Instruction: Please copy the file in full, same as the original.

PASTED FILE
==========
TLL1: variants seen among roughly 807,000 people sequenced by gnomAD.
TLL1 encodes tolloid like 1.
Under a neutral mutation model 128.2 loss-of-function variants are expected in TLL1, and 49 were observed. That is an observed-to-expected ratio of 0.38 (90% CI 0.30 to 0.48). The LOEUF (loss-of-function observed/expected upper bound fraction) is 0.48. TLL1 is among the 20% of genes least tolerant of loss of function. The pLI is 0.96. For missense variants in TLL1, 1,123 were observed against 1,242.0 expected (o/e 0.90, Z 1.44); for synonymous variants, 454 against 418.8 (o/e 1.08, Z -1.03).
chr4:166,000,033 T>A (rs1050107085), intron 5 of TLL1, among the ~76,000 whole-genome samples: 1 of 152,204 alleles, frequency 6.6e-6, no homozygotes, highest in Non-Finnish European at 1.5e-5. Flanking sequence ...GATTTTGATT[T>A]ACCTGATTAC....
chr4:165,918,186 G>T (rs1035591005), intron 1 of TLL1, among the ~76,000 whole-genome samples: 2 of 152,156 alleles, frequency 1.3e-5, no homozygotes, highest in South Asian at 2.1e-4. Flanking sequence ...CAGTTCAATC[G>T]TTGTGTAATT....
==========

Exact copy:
TLL1: variants seen among roughly 807,000 people sequenced by gnomAD.
TLL1 encodes tolloid like 1.
Under a neutral mutation model 128.2 loss-of-function variants are expected in TLL1, and 49 were observed. That is an observed-to-expected ratio of 0.38 (90% CI 0.30 to 0.48). The LOEUF (loss-of-function observed/expected upper bound fraction) is 0.48. TLL1 is among the 20% of genes least tolerant of loss of function. The pLI is 0.96. For missense variants in TLL1, 1,123 were observed against 1,242.0 expected (o/e 0.90, Z 1.44); for synonymous variants, 454 against 418.8 (o/e 1.08, Z -1.03).
chr4:166,000,033 T>A (rs1050107085), intron 5 of TLL1, among the ~76,000 whole-genome samples: 1 of 152,204 alleles, frequency 6.6e-6, no homozygotes, highest in Non-Finnish European at 1.5e-5. Flanking sequence ...GATTTTGATT[T>A]ACCTGATTAC....
chr4:165,918,186 G>T (rs1035591005), intron 1 of TLL1, among the ~76,000 whole-genome samples: 2 of 152,156 alleles, frequency 1.3e-5, no homozygotes, highest in South Asian at 2.1e-4. Flanking sequence ...CAGTTCAATC[G>T]TTGTGTAATT....